Well, it’s Friday, October 27th and I’m eight days home from Michigan. My husband, Steven, and my middle bonus son, Adam, are hunting up in the mountains. I’m away in the mountains, too, alone and relishing the quiet. I’m perched beside Fall River with the song of rapids in my ears and clean air in my lungs and such a sense of fullness washing over me! But I didn’t come to explore the terrain this trip. I spent nearly every day of summer out in the American wilderness. This weekend I’m just being, thinking about, writing about, and absorbing all that happened through my months in Michigan.
Those happenings are burned into my mind and heart as some of the most meaningful of my life. I’ve been blessed to have experienced more than my fair share of meaningful things, I know that and am so grateful, but to have experienced the births of my own grandchildren! Nothing else compares. The births of Evangeline and Brent and Elyse marked a completion to my existence. When a friend, a grandfather himself, said to me when I shared our happy news, “Well! So, now you can die,” I understood exactly what he meant. I believe I’ll live on to be and do and enjoy many other things before I cross to the other side, but I can’t begin to imagine anything reaching into the creases and crevices of my being the way the emergence of these singular souls have.
With my memoir complete and slated for publication, and the time I need to attend to my work readily available, I’m pleased to be able to set this weekend aside to weave a record of our happenings to treasure as well as to share with you.
We’ll begin with one of the more poignant elements of my pilgrimage through grandmotherhood.
I tumbled into the idea of birthing at home as a teenager, and came away from the encounter determined not only to birth at home myself, but to become a midwife. Six short years later, within the palpable surprise and fear of most everyone I loved and respected, my daughter, Hannah, was born at home into the massive, yet gentle hands of her father in the safety and solitude of our home.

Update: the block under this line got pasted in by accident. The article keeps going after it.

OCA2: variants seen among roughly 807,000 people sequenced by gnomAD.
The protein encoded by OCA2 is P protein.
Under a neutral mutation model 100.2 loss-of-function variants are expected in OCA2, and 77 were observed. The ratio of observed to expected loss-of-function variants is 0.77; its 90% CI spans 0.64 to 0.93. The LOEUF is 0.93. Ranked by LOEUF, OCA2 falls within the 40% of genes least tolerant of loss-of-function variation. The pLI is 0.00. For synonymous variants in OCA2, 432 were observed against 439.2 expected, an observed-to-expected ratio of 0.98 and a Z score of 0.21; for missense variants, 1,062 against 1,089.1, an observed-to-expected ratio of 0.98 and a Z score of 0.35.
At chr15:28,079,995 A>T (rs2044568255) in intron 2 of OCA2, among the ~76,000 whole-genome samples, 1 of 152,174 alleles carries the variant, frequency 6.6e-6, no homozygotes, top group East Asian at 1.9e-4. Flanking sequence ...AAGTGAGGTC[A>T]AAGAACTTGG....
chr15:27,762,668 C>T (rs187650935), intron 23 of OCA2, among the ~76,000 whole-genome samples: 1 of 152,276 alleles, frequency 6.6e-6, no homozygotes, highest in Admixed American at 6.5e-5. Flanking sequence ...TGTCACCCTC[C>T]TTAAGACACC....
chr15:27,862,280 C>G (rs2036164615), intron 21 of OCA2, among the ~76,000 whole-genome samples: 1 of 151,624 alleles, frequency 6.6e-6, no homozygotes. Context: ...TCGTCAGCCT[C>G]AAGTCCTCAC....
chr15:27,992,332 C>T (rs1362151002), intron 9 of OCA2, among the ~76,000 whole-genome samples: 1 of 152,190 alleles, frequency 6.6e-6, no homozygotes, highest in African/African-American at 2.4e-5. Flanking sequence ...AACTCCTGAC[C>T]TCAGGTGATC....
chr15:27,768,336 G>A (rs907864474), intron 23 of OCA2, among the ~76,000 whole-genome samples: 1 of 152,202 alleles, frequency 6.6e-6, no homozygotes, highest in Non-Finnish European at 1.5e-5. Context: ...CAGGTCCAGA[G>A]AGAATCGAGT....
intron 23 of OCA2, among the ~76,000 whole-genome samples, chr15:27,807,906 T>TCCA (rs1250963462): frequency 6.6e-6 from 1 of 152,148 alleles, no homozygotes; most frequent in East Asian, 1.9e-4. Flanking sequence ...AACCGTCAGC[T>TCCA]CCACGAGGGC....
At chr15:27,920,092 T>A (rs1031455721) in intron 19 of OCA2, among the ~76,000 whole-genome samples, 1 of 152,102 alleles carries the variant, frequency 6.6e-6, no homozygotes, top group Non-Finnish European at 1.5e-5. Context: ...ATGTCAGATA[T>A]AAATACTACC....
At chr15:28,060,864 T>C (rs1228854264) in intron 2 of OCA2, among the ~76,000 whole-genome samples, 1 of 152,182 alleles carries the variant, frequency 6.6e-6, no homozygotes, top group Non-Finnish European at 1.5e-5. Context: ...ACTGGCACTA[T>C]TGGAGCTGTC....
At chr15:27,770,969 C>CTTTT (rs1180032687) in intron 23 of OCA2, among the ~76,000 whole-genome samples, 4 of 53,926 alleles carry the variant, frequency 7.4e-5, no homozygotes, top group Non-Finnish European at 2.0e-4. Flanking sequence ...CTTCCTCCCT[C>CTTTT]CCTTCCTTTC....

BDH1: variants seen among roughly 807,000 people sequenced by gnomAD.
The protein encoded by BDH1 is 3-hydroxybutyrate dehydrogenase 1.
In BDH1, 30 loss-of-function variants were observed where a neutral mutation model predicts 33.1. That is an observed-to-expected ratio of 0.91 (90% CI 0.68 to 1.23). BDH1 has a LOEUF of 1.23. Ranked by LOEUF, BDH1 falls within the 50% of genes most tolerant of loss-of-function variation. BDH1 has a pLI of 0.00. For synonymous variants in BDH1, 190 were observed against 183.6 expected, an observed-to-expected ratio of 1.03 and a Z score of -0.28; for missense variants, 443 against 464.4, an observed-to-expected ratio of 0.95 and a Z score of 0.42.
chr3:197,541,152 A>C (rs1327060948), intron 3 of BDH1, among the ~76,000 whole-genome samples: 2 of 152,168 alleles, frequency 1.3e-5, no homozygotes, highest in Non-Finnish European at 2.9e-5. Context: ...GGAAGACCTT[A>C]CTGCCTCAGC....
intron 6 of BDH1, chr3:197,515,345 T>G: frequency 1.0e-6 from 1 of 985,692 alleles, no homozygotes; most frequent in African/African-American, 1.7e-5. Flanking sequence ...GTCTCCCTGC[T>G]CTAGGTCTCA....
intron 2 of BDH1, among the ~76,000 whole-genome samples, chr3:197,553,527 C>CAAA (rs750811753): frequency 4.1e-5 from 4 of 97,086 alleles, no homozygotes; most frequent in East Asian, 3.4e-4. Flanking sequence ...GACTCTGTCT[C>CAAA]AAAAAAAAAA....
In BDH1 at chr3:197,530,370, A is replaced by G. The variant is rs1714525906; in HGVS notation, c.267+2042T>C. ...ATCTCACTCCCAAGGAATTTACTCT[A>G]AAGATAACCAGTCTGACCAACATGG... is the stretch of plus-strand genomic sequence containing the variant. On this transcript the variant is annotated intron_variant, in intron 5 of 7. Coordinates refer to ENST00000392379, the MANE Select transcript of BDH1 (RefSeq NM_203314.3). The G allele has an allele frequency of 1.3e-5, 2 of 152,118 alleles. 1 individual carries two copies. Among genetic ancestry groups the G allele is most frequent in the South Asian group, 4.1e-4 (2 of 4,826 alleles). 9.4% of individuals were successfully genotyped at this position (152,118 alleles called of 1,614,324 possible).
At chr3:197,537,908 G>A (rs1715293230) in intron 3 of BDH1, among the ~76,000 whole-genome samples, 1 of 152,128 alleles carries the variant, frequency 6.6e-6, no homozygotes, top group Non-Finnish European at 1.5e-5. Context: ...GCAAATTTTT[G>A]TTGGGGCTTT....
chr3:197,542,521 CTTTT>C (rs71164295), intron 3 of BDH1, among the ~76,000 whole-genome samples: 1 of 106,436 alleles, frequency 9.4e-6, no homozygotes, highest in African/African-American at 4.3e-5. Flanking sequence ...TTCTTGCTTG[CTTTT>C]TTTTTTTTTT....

Paul bounded along two and a half years after Hannah, also upon our bed and straight into his daddy’s grasp. He went on to spend a good bit of time jumping on that worn-out bed and attempting to wriggle away from any and all grasps.
Between the kids’ births, I began my apprenticeship with the midwife who’d served our family. Paul actually tagged along to nine of the first thirteen births I attended as a tiny secret stowed away in my womb.
Through the years that followed, both Hannah and Paul found themselves at or within ear-shot of a number of births, and midwifery and homebirthing appeared to be as natural a concept to them as breathing and sleeping. I’ll never forget the day they asked if the job I had tending to the elderly while I was pregnant with Hannah was the last job I had. They didn’t realize midwifery was my job! They seemed to suppose what I did for other families was merely an extension of my duties as wife and mom.
And, really, down at the heart of it, that’s exactly what midwifery is.
One afternoon when the kids were still on the little side, maybe seven or eight and five, I popped a film called “Gentle Birth Choices” into the VCR. The sound of the television drew the children from their play and soon they were nestled into my lap to watch the miracles unfold.
When the closing credits began to roll, Paul wrapped his spindly arms around my neck, fixed his big brown eyes on my face, and said, “Mom, when I grow up, I’m going to have gentle birth choices!”
When I mentioned it would be his wife having his babies, he said, “Oh, hmm… well… then how can I make sure my wife wants to make gentle birth choices?” His words melted my heart, and we had our first talk about how important it is to make sure the people we join our lives with share our values.
The experience highlighted how important it was for me to keep my kids and the spouses and children of their future bathed in prayer, and it was then that I began to engage in such prayer in earnest.
The years passed and my children burst into adulthood. Hannah met and married Jesse, Paul met and married Megan, and I soon discovered that Jesse and Megan were more exquisite answers to my prayers than I’d known to hope for. There isn’t a sun that sets on this earth without me thinking of them and thanking God for them – and the blessing they are to me steadily increases.
Megan Laurel Woodard – once upon a time, Donahue – sprang into our lives in that elfish, sprite-like way of hers on the evening of ThanksGiving, 2014.
Paul had driven up to Michigan on leave from the Army, fresh from his deployment to Afghanistan, and I’d flown back from my new life in Colorado to celebrate ThanksGiving with him and Hannah and Jesse. It was Hannah’s first time hosting and the day filled our bellies and our hearts to the brim. We roasted one of Norma and David Yoder’s turkeys, kept the traditions sacred to our family, and lingered long at the table both to reminisce and catch up.